MAJ Royal

MAJ Gabriel Royal

Instructor of American Politics


Major Gabe Royal is an Instructor of American Politics in the Department of Social Sciences at the United States Military Academy at West Point. His research focuses on American public finance and cryptocurrency/digital asset public policy. Gabe commissioned as an Aviation officer in 2012. He served as an attack aviation platoon leader in Afghanistan (OFS '15-16) and as a company commander in Iraq (OIR '18-19). He holds a Ph.D. in Public Policy and Administration and M.P.A. from The George Washington University and a B.S. in U.S. History and American Politics from West Point. Gabe is accompanied by his wife, Michelle, and their son, Caleb. 

Ongoing Research Projects

"No Trusted Third Party: Governance in Decentralized Autonomous Organizations" - This paper grounds an understanding of "decentralized autonomous organization" (DAO) governance in a multidisciplinary literature review of network theory. I find trust (or the lack thereof) plays a critical role in DAO network design choices, blockchain economics, and the push away from more centralized forms of governance Public policy prescriptions for regulating or influencing DAO behavior must account for “hybrid governance,” distinguishing between the human and digital elements of their networks. 

"China's Crypto Ban: How Decentralized Networks React to Hostile Policy Interventions" - This essay examines the impact of China's cryptocurrency ban on the digital and human elements of the Bitcoin network. It establishes several quantitative measures of decentralized cryptocurrency network conditions and compares these metrics before and after the intervention. I find little evidence of any long-term impacts to the Bitcoin network after the ban. Additionally, much of the mining activity lost in China relocated to regions with an abundance of cheap energy, but new regulatory and policy considerations factored into miners’ decision-making processes as well. Bitcoin’s quick rebound calls into question the effectiveness of individual nation-state bans on curbing cryptocurrency use and energy consumption. More broadly, this case study demonstrates how well-designed decentralized autonomous organizations adapt to hostile policy interventions.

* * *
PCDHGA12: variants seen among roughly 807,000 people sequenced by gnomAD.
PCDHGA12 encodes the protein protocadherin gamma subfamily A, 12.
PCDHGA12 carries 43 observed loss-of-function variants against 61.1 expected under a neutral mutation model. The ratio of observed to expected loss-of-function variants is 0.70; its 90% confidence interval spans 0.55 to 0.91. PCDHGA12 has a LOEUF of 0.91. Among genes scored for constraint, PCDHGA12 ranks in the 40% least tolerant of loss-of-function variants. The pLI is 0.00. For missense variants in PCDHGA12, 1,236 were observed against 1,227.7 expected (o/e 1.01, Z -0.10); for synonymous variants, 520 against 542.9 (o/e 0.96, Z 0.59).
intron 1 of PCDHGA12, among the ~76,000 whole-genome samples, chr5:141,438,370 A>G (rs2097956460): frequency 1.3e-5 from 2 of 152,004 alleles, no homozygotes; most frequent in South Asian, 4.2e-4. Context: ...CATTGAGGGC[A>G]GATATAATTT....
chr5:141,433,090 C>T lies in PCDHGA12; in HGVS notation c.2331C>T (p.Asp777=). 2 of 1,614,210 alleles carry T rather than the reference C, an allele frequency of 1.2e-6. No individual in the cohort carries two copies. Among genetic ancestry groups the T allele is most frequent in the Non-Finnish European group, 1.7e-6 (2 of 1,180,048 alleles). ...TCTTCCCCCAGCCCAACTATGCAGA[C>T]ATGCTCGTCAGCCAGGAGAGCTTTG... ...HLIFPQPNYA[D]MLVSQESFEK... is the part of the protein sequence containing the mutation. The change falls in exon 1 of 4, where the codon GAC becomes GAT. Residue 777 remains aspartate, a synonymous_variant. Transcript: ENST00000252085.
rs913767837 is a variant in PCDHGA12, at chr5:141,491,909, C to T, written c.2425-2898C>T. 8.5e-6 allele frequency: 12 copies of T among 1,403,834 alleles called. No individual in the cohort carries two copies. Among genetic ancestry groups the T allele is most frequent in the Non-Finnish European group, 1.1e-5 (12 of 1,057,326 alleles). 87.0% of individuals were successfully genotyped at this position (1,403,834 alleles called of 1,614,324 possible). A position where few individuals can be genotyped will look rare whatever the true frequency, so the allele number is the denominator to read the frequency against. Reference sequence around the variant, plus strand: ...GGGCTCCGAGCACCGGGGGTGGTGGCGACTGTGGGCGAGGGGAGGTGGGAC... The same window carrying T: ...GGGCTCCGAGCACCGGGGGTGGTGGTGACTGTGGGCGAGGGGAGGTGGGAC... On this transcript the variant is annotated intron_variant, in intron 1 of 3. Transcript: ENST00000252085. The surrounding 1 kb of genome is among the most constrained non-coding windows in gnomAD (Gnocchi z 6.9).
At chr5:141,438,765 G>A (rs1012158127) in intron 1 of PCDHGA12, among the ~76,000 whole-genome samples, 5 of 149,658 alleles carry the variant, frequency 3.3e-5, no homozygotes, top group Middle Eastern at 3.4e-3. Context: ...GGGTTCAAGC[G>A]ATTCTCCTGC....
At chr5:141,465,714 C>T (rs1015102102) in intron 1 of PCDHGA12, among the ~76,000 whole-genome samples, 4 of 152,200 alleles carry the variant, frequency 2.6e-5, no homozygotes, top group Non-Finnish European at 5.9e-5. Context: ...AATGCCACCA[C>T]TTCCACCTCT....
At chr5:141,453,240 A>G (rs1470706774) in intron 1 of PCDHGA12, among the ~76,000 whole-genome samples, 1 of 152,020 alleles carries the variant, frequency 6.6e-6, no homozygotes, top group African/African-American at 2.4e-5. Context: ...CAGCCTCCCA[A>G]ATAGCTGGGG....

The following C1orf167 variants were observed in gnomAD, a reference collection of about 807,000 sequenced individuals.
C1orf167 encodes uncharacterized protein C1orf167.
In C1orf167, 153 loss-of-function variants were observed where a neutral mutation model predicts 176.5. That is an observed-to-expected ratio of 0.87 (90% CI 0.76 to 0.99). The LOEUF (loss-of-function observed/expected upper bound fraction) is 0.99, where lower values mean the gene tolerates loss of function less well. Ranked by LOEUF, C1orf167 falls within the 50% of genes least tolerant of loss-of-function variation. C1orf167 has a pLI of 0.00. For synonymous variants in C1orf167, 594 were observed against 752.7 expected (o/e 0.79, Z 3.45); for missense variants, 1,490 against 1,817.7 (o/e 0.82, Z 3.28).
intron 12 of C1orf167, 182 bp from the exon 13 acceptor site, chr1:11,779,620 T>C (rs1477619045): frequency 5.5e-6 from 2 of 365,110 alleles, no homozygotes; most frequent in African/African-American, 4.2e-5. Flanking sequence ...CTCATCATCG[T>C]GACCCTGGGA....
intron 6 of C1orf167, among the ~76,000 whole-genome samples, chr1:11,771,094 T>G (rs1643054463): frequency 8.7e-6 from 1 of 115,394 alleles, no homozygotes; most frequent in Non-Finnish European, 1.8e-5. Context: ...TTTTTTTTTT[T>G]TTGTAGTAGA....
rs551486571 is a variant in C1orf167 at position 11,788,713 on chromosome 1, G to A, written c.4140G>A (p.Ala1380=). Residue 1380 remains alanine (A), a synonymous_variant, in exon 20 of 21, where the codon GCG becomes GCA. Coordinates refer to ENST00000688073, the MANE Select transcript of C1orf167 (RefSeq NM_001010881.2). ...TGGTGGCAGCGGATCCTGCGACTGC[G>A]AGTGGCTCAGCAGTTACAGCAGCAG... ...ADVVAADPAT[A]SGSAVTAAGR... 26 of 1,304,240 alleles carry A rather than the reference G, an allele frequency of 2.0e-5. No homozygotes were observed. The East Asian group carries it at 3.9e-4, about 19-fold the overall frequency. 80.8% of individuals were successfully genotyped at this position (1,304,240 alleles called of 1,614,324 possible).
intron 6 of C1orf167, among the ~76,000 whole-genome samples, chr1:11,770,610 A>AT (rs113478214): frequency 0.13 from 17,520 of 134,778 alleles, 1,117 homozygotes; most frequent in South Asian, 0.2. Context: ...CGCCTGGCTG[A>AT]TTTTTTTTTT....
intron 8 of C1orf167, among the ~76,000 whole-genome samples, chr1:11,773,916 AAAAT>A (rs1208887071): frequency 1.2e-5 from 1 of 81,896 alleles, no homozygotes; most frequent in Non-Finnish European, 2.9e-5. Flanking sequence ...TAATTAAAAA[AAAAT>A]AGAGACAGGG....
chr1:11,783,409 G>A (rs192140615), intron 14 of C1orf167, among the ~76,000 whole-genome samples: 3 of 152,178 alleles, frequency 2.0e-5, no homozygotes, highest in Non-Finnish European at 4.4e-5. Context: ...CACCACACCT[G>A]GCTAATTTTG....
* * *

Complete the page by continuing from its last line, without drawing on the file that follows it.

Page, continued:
"Green Bitcoin? Evaluating Proof-of-Work Mining as a Tool in the Energy Transition" - This study evaluates several claims made about the potential benefits of proof-of-work cryptocurrency mining using empirical data from the recent influx of Bitcoin mining on the Texas energy grid. Results show most large Bitcoin mining data centers are in regions with high levels of renewable power generation relative to the rest of the state while nearby wholesale energy prices remain consistent with statewide trends. Additionally, evidence shows Bitcoin miners are uniquely suited to participate in ERCOT’s “controllable load resource” program – a demand response program requiring loads to cede a high degree of control to grid operators. This essay provides policymakers with insights regarding grid expansion, energy economics, and how to best incorporate flexible data centers into the renewable-led energy transition, responsibly.

Publications & Presentations

Royal, Gabriel M. “Subsidizing Interest Rates to Bridge the Racial Wealth Gap” In Policy Perspectives 29, edited by Jack Nicholson and Alex Borkholder, 1-21. Washington, DC: Trachtenberg School of Public Policy and Public Administration, 2022.

Royal, Gabriel M. “Only Obama Could Go To Afghanistan: How Ike and Obama Used Their Political Reputations to Their Advantage.” In The Fellows Review 2011-2012: Center for the Study of the Presidency and Congress, edited by Parry K. VanLandingham and Andrew Steele, 339-352. Washington, DC: Center for the Study of the Presidency and Congress, 2012.